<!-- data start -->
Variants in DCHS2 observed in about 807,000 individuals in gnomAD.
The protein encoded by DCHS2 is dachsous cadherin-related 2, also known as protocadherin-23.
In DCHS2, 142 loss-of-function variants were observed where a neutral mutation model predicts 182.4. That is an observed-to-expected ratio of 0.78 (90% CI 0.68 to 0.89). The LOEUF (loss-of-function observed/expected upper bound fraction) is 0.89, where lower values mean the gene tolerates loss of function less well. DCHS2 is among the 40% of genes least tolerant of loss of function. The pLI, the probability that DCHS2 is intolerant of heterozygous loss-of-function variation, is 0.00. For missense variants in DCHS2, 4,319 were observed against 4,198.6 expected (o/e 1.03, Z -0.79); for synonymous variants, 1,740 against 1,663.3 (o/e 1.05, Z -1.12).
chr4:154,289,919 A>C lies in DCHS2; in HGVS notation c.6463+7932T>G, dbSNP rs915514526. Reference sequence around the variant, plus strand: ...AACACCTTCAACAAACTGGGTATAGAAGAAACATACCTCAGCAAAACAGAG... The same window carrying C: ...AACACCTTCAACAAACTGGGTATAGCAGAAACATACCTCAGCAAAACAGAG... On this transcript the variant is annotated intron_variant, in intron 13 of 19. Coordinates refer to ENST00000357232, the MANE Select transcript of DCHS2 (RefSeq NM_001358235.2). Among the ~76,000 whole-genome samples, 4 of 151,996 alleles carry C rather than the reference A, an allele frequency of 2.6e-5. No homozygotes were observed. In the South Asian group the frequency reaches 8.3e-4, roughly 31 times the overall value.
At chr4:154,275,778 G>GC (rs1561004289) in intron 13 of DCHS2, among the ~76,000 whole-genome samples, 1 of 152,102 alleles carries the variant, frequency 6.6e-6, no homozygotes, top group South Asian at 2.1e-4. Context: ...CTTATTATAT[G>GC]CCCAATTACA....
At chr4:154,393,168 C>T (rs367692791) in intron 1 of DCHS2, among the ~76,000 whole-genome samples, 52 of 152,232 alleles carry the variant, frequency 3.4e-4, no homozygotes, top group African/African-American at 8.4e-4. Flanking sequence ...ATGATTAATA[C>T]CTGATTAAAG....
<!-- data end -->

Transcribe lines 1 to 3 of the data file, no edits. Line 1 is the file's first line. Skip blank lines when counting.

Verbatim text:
Variants in DCHS2 observed in about 807,000 individuals in gnomAD.
The protein encoded by DCHS2 is dachsous cadherin-related 2, also known as protocadherin-23.
In DCHS2, 142 loss-of-function variants were observed where a neutral mutation model predicts 182.4. That is an observed-to-expected ratio of 0.78 (90% CI 0.68 to 0.89). The LOEUF (loss-of-function observed/expected upper bound fraction) is 0.89, where lower values mean the gene tolerates loss of function less well. DCHS2 is among the 40% of genes least tolerant of loss of function. The pLI, the probability that DCHS2 is intolerant of heterozygous loss-of-function variation, is 0.00. For missense variants in DCHS2, 4,319 were observed against 4,198.6 expected (o/e 1.03, Z -0.79); for synonymous variants, 1,740 against 1,663.3 (o/e 1.05, Z -1.12).